Starting December 17, 2014 the general public will able to buy trucks from a surplus of "as many as 4,000 Army Humvees" being shifted out of government service. Bidding starts at $10,000, and the 20-year-old-trucks look like they're in good shape with low miles. There are a couple catches though.

The first lot of 25 trucks will be auctioned tomorrow out of Hill Air Force base in Utah. You can check out the listings, place a bid, and see how the sell right here from your computer. If you miss this round don't worry, there are about 3,975 more military Humvees in the pipeline that could be yours!

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Inconveniently, the "completely demilitarized" Humvees auctioned on GovPlanet.com with come with no title. And they're legally declared "for off-road use only" meaning you can't get license plates.

One more thing; you'll have to present the sellers with a note describing your intended uses for each retired war machine you buy. Even though the trucks have been stripped of any military accouterments (including armor) Uncle Sam is still keen to keep the riff-raff and maniac vigilantes from going nuts with these things I guess.

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Here's the complete list of "conditions," which is a little intimidating.

But how cool is this 1991 AM General M1038 Humvee HMMWV Hard Top Cargo Body with 23,938 miles?!

It's gut-wrenchingly titillating to cruise through the listings (click here to see all the Humvees, cranes, forklifts, and other treasures for sale) and imagine the fun you could have at an off-road park, your uncle's back field, or in a Spec Humvee race series I just wish I could afford to organize.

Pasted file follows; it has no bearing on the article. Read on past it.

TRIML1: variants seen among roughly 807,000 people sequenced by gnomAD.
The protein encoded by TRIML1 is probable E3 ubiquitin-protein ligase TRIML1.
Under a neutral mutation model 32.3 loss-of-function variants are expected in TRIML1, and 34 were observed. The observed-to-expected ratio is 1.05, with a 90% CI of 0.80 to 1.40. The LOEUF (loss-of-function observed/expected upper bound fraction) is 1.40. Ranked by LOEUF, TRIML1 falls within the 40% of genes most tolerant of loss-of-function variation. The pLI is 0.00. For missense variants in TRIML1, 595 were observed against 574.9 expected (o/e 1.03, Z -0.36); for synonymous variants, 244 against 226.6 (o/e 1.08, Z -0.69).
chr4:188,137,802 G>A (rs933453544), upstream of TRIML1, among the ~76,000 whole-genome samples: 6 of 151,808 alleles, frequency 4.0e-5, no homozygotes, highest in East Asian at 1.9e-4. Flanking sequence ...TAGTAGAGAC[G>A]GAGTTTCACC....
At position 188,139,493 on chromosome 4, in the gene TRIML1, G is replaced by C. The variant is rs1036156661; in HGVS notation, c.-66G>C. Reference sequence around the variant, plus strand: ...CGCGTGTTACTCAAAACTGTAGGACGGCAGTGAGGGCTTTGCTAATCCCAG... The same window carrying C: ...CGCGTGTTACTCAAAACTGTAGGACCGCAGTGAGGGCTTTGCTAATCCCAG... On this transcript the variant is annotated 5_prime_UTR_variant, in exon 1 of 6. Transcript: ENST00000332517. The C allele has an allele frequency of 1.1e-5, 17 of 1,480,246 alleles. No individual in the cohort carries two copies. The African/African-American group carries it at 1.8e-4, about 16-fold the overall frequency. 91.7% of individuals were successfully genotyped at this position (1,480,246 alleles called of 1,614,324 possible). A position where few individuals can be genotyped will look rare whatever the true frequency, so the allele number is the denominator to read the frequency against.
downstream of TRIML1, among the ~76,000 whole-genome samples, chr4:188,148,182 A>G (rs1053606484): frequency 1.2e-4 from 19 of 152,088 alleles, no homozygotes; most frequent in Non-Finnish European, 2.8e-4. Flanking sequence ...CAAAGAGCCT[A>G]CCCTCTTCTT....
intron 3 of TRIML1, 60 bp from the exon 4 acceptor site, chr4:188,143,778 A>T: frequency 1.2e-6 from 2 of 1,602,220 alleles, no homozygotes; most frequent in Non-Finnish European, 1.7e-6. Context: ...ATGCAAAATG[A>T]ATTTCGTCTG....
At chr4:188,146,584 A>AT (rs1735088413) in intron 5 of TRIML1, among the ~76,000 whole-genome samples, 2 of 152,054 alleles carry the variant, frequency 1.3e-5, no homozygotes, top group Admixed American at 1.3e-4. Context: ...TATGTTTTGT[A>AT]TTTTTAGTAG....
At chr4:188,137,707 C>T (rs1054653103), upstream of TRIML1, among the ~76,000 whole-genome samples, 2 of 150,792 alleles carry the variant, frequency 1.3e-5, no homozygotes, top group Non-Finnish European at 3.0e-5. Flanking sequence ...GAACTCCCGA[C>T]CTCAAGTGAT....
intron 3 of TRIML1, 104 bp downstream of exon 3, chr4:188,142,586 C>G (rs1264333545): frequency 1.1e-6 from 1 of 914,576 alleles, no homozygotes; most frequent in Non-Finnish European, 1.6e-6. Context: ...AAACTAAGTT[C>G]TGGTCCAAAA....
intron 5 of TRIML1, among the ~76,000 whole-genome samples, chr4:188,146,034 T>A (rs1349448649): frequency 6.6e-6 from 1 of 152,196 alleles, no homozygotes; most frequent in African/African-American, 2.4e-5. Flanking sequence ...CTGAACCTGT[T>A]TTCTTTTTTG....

This is the first time genuine military surplus Humvees have been offered to regular citizens. Army Times says that the Defense Logistics Agency (DLA) has finally won its petition to the longstanding policy that retired military trucks had to be scrapped or parceled out to other government agencies.

GovPlanet won the contract to handle distribution of the DLA's "rolling stock assets" (used army vehicles) over the next two years, valued at $100 to $140 million.

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AM General, which has built more than 300,000 Humvees since the Army started using them in 1985, is reportedly not happy about this development. The company "opposes any use of these military vehicles by individuals or entities outside of the military context for which the vehicles are designed."

That might add some complications to calling customer service when your new Humvee breaks down, but I'm sure you'll find plenty of help once an owner's club is inevitably established.

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So who's bidding and what are you putting down for "intended use?"

Hat tip to Jmboehm and Steve Siler! Image via DVIDSHUB/Flickr, screenshot from IronPlanet.com